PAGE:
The Symphony No.3 in E flat major, Opus 55, has a number of original features, including the substitution of a funeral march for the slow movement, a Scherzo for the Minuet, as in the D major Symphony, and a set of variations for the finale. It is, besides, on a heroic scale, scored for pairs of flutes, oboes, clarinets, bassoons, trumpets and drums, with three French horns and the customary strings.
Beethoven made his first sketches for his eighth symphony in 1811 and completed the work in October the following year, during the course of a visit to Linz. The summer had taken him to the spa town of Teplitz, where he was to meet the great German poet and polymath Goethe, to little effect, while the subsequent journey to Linz was undertaken for the officious purpose of forcing his younger brother Johann, an apothecary in the town, to break off his irregular liaison with Therese Obermeyer, a woman that Johann married in November of the same year. Whatever anxieties he may have entertained at the time about his health or about members of his family, he created in the Eighth Symphony a work of clear optimism.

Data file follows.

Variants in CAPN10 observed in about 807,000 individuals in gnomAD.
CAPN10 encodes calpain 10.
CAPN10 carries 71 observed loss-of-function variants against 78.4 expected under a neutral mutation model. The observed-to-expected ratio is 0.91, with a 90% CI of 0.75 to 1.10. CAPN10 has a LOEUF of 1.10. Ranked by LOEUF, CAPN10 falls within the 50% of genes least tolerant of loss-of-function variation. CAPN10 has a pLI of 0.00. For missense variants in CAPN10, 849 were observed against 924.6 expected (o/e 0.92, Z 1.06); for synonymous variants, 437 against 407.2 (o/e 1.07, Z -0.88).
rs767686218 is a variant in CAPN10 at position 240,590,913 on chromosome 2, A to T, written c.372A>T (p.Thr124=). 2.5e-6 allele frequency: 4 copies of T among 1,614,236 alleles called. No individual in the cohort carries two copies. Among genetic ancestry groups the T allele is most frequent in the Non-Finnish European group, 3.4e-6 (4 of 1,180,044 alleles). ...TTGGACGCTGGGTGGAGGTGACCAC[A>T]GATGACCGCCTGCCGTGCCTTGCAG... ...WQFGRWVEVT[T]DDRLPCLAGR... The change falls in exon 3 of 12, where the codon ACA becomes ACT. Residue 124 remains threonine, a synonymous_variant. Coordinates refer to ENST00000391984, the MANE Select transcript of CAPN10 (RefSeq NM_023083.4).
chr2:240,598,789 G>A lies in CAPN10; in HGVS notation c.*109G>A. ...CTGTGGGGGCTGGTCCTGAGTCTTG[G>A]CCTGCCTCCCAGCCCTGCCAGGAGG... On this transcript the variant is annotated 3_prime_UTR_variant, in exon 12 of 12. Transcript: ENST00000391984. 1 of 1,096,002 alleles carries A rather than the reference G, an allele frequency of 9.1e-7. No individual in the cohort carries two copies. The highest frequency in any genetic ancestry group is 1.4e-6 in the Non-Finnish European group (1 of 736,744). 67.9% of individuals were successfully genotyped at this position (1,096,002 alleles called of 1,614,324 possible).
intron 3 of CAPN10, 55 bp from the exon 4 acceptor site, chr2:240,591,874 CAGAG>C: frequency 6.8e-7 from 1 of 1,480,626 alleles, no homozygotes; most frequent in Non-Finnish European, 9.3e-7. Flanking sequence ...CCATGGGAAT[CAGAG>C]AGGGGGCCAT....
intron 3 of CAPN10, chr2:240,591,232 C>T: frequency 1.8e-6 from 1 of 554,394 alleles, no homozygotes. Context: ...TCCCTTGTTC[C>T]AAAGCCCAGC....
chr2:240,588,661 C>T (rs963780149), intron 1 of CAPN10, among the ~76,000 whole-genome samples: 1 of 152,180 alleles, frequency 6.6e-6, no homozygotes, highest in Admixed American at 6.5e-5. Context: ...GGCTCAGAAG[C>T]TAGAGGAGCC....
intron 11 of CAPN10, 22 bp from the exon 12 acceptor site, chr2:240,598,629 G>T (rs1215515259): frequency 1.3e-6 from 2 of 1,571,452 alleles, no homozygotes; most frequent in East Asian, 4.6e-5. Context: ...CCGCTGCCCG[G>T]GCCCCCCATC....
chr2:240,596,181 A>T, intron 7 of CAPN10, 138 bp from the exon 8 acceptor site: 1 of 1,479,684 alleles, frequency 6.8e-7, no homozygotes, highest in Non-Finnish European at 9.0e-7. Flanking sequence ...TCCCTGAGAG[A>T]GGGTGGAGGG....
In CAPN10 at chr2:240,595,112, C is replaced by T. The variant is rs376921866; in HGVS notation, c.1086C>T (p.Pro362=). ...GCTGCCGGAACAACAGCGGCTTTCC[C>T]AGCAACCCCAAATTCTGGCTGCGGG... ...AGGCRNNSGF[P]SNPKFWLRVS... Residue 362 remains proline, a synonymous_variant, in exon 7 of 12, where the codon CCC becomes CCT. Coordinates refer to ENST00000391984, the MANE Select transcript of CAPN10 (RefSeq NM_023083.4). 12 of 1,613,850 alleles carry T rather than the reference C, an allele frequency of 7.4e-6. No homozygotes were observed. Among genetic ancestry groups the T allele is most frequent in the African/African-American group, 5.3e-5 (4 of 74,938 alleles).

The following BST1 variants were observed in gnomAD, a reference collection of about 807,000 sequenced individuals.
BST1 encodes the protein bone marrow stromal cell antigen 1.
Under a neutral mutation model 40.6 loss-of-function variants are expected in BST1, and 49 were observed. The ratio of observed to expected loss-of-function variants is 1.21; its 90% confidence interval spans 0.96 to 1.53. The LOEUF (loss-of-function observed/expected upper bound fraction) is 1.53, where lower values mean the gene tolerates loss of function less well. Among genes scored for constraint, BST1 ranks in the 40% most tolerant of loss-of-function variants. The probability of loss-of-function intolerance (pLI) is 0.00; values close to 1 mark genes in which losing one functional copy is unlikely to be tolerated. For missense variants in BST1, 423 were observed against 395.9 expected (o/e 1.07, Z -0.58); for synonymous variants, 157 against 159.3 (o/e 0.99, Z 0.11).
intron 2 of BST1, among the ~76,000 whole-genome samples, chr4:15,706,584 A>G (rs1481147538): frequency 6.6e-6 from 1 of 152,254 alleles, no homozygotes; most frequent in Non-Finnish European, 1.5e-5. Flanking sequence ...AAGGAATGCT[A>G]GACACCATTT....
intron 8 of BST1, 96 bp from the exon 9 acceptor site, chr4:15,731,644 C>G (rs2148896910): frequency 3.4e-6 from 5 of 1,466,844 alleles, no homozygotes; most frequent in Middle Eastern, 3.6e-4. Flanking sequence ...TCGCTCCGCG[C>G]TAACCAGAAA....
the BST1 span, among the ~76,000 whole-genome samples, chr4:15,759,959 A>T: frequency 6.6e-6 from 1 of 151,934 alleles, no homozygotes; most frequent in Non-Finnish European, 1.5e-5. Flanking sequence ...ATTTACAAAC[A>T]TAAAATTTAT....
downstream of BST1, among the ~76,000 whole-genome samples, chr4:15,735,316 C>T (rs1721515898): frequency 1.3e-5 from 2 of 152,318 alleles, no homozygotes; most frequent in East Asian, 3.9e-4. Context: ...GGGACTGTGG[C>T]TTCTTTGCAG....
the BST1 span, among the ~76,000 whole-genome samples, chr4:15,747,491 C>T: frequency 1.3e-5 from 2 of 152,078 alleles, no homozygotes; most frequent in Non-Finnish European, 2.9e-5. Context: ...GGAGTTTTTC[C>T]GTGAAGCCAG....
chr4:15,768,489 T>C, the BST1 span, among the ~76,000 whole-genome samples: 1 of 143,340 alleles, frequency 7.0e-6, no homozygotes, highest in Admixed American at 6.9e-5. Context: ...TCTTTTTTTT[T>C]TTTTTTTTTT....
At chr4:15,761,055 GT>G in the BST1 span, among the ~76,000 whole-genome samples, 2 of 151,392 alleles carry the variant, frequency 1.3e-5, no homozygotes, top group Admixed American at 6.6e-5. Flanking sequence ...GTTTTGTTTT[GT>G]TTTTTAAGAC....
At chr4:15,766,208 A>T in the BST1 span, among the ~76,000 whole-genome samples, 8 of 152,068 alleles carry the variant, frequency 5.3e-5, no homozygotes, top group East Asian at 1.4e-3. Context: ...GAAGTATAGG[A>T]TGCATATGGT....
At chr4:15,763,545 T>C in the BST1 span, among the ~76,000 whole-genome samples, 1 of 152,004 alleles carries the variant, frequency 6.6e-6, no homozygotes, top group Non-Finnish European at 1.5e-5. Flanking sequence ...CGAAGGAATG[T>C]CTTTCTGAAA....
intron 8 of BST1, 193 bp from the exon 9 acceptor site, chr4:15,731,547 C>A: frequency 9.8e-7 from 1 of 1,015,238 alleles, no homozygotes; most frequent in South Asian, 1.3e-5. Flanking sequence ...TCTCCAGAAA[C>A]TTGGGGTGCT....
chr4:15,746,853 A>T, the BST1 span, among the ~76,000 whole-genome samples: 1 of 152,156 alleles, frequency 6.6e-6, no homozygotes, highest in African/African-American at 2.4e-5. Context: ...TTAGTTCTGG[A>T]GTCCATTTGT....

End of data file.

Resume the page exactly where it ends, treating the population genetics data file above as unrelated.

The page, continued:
The Symphony No. 8 in F major, Opus 93, is scored for the usual orchestra of strings, with pairs of flutes, oboes, clarinets, bassoons, horns, trumpets and timpani. Of its four movements three are in sonata form, with its tripartite division of exposition, development and recapitulation, while the third movement Minuet is in a form that had long been traditional.
The Eighth Symphony was given its first performance, together with the Seventh Symphony and other works, at a concert on 27th February, 1814. To Beethoven's chagrin it was greeted relatively coolly, the audience favouring in particular the Allegretto of the Seventh Symphony. He himself set higher store by the Eighth.
BRT Philharmonic Orchestra, Brussels